Grant helps fund aviary upgrade

TALK TO THE ANIMALS—Kyle Ford holds Peaches, a Moluccan cockatoo, during a past event hosted by America’s Teaching Zoo at Moorpark College, which recently received a $30,000 grant to provide an updated aviary structure for the zoo’s parrots. Acorn file photo

TALK TO THE ANIMALS—Kyle Ford holds Peaches, a Moluccan cockatoo, during a past event hosted by America’s Teaching Zoo at Moorpark College, which recently received a $30,000 grant to provide an updated aviary structure for the zoo’s parrots. Acorn file photo

Moorpark College Foundation recently received a $30,000 grant from the Ventura County Community Foundation to fund the final phase of the Alumni Aviary at America’s Teaching Zoo at Moorpark College.

The funding will allow the zoo to purchase a large triple aviary structure to provide housing for the birds needing to move into updated enclosures.

The foundation conducted an Animal Welfare Needs Assessment for Ventura County to inform planned grant making. The study revealed a wide range of needs for animal welfare services and facilities in Ventura County.

Mara Rodriguez, zoo development coordinator at America’s Teaching Zoo, said the first phase of the project was the construction of new aviaries for birds of prey.

The second phase, completed in mid-February, provides new housing for about half of the zoo’s parrots.

The third phase, which will be funded by the grant, will provide new areas for the remaining parrots. All are surrendered pets from residents of Ventura County and beyond, said Rodriguez.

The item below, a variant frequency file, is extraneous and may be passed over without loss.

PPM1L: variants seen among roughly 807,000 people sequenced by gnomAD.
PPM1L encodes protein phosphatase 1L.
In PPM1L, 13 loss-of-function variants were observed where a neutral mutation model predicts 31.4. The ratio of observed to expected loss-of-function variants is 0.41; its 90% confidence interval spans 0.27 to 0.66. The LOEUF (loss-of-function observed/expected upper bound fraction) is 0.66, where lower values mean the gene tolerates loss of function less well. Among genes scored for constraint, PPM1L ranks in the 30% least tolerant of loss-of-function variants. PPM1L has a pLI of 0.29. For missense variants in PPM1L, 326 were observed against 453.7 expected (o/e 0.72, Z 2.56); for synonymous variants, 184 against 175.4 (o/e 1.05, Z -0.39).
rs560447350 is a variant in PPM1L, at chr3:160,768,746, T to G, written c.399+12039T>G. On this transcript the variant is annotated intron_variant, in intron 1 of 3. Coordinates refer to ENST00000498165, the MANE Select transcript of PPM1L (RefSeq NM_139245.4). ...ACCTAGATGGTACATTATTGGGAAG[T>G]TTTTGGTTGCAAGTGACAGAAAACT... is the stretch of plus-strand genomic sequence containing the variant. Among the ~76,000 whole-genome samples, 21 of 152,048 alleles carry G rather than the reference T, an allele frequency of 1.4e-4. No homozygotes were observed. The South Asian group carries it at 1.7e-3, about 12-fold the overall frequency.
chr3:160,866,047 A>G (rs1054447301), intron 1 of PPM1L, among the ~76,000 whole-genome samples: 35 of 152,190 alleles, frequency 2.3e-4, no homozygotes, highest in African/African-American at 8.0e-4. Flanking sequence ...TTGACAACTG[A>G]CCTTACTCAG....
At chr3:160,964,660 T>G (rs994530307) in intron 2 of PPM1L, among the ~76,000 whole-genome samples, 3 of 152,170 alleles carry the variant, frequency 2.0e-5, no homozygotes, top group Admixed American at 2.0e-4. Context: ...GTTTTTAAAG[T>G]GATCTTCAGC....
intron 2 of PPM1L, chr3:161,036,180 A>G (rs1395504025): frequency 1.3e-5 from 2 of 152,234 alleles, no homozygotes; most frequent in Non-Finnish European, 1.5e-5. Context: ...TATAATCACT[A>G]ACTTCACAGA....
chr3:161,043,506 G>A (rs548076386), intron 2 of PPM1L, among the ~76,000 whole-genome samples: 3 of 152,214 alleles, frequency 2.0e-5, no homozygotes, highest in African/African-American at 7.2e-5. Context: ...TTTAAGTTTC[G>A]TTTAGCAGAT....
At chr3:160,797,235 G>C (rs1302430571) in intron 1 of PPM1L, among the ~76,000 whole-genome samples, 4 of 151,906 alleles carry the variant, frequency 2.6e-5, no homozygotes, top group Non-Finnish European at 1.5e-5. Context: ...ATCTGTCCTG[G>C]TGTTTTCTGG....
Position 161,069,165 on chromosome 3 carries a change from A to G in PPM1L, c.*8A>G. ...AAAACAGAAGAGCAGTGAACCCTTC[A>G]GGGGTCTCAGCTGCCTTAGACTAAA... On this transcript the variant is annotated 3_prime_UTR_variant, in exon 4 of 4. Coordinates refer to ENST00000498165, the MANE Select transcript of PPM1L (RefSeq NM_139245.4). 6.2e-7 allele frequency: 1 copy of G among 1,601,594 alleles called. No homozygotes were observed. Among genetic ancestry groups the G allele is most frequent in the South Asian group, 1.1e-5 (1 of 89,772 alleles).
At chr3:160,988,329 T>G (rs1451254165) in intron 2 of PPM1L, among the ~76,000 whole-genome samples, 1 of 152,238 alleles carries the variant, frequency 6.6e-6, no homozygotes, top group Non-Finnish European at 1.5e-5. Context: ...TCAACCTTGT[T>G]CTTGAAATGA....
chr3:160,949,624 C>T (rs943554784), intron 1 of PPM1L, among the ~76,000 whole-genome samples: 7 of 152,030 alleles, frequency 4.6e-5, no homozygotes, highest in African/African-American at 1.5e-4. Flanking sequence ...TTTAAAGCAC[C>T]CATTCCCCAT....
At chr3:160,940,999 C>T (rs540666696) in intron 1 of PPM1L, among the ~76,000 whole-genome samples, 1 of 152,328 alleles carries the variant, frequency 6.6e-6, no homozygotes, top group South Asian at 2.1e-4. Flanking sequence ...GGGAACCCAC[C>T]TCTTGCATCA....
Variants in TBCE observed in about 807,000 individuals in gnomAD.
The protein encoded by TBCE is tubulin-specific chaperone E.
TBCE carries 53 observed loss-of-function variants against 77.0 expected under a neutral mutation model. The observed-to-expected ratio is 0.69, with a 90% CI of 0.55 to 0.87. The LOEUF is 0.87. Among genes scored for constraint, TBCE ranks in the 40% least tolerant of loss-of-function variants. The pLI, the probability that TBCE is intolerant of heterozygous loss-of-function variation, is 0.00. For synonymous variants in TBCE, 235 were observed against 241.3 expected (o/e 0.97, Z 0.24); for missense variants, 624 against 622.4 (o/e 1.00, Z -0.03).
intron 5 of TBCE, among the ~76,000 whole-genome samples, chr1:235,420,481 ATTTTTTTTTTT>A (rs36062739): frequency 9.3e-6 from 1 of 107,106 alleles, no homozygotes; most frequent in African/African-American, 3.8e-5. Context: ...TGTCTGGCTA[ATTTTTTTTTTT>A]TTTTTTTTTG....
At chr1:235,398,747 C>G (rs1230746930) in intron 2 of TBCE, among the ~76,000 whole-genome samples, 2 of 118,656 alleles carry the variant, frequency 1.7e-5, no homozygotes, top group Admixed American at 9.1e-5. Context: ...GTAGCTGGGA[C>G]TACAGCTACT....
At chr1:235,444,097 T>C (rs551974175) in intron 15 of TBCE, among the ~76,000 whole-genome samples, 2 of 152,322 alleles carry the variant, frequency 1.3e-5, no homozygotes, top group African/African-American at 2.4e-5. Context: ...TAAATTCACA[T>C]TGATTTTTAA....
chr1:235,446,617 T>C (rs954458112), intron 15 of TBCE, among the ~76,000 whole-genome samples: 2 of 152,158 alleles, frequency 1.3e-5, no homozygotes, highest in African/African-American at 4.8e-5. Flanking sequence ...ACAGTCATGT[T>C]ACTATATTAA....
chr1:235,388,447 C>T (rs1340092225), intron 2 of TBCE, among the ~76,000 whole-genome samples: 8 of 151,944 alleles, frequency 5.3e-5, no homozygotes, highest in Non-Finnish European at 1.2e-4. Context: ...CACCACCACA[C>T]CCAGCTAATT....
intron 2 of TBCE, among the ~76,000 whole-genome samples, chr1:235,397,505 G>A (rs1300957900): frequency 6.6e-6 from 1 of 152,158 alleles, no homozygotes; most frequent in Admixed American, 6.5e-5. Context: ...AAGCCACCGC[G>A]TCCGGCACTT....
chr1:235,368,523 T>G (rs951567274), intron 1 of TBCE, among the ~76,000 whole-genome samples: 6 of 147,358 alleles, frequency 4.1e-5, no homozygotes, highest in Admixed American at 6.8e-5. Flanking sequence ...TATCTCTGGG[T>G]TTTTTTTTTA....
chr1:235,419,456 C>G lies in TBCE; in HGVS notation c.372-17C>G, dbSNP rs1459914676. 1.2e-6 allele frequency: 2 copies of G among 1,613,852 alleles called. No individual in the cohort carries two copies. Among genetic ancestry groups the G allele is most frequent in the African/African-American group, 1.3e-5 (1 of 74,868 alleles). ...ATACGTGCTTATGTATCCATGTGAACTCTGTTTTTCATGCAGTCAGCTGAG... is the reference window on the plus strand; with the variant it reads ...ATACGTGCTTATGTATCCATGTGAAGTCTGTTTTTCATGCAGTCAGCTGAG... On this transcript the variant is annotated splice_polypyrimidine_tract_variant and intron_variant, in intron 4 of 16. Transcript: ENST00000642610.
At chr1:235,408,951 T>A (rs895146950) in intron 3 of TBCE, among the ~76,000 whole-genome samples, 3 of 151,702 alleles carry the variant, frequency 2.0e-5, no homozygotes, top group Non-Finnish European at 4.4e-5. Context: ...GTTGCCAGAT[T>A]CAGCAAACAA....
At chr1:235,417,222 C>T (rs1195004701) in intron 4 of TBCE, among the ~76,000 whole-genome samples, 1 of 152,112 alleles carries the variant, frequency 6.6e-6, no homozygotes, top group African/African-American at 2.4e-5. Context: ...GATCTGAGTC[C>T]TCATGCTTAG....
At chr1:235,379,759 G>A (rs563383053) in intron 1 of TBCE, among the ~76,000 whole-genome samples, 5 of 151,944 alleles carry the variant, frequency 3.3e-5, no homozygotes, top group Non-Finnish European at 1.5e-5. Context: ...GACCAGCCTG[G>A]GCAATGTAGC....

“Our parrot family includes macaws, Amazons and cockatoos, many of whom have lived with us for upwards of 25 years,” Rodriguez said.

She said the aviary upgrade project will directly address the need to provide new housing to the zoo’s parrot population.

“Unlike the rest of our animal population, bird species were not a USDA regulated animal group. That will change starting next year. Although our current parrot housing is adequate, we are motivated to make changes that will surpass what is considered minimum requirements.

“Our parrots currently live in wire mesh enclosures with wooden heat boxes. This housing is not the standard we want to teach our students, who go on to work in the most modern zoos in the country. It is also incongruent with the evolution of America’s Teaching Zoo and what we want our guest experience to be,” she said.

She said the project will allow the parrots to be front and center when it comes to the visitor experience.

“Modernization brings more exposure, resources and contributions. This project would directly support the individual needs of our parrots,” Rodriguez said.

The zoo also supports the Exotic Animal Training and Management program as a living classroom housing 125 animals. America’s Teaching Zoo is the only public zoo in Ventura County. The zoo is available for school field trips, summer camps, private parties and special events.

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